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‘Perfect Host’: A Party Planner Who Loves Surprises

Filed by KOSU News in Art & Life.
June 30, 2011

Unpredictability is normally a virtue in the movies, especially for filmmakers who want to create the anything-can-happen dread and consequent shocks of the thriller. Adapting his own award-winning 2001 short film into his first feature, writer-director Nick Tomnay takes a more-is-more approach to the surprises of The Perfect Host. Around every corner is a new twist, a strategically placed misdirection or another switch of predator and prey. But while the gamesmanship is satisfying in moderation, it becomes a little monotonous in excess.

The predator — at least, as the movie begins — is John (Clayne Crawford), who has just knocked over a bank, made off with $300,000, and appears to have made a clean getaway. The discarded disguise, careful use of rubber gloves and multiple getaway vehicles speak to his meticulous planning and lack of a trail. Still, the cops immediately divine his identity, as well as the make, model and license number of the car he ends up driving. With the perfect crime and the perfect getaway not going so well, he probably should have suspected the fussy, effete, suspiciously accommodating host at his hastily chosen safe house was going to fall short of perfection as well.

That host, Warwick, is played by David Hyde Pierce, and the character isn’t a very far cry from Pierce’s better-known fussy, effete creation, Frasier’s Niles Crane. Except that Warwick sees people who aren’t there and has violently psychopathic tendencies. He quickly takes control of the situation from the hapless John, who ends up tied to a chair and drugged, witness to a pantomimed dinner party with guests that exist only in Warwick’s head.

That might seem like a spoiler. But that’s really just The Perfect Host getting started. That particular twist comes early, and it’s just the first — and probably least outlandish — of the ones that follow.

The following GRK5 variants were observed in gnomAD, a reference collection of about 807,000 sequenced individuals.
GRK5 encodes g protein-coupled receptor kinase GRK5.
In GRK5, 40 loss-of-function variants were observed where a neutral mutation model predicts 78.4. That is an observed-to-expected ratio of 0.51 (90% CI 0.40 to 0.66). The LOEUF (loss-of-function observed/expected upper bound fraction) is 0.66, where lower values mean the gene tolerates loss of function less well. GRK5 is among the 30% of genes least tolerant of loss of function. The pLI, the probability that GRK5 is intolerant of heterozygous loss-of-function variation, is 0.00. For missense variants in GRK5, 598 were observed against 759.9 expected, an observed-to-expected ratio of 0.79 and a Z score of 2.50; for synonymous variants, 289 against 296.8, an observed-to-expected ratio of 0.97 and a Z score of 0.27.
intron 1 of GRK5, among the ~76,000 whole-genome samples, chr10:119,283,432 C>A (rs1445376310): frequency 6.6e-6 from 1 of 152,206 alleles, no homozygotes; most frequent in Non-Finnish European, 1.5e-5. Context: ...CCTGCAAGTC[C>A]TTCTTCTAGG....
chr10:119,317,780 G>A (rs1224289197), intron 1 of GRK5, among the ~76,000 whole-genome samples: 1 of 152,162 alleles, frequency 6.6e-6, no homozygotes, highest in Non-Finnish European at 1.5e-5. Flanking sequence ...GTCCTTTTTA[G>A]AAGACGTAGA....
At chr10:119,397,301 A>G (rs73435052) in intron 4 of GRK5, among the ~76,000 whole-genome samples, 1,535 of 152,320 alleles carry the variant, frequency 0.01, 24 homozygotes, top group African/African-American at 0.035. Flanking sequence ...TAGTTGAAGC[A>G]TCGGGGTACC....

It’s also the fuel for most of the movie’s black comedy, which is where Pierce does his best work. He effortlessly oscillates between the casual cruelty Warwick doles out to John and the humor of the character’s delusions, which extend to imagined conga lines, hitting on an attractive dinner guest with corny lines like “My heart chakra is pointed at you,” and an admittedly hilarious, if also mildly disturbing, dance sequence. Pierce is game for anything, which gives the movie what fun it contains, but Tomnay doesn’t take enough advantage of the visual potential of the two realities occurring at once. We often get too much of Warwick’s hallucinations, and too little of John’s view of his host’s interactions with thin air — the result, oddly, is that Warwick often doesn’t seem quite as nutty as he probably should.

For the reversal of fortune to really work, Tomnay needs to create real sympathy for John, who starts the movie not just as a small-time crook but also as a pretty cruel character. He gradually reveals a sympathetic back story in flashbacks, but he’s mostly pitiable for a naivete that doesn’t really feel in character for a career criminal, even one trying to get back on the straight and narrow.

That back story becomes important for reasons aside from making us feel for John, as it ends up central to the unexpected course of the movie’s last half-hour. Tomnay takes a sharp turn away from the film’s Misery-inspired tortured guest setup toward a complex, double-cross-laden Usual Suspects police procedural. Unfortunately, it becomes clear at this point that there really isn’t enough material here for anything more involved than a short film. Expanded to feature length, the film piles on the twists seemingly because it has time to fill, padding the running time with tiresome cat-and-mouse games. Eventually, The Perfect Host ends up more like the guest who stays long past the time when he should have said goodnight. [Copyright 2011 National Public Radio]

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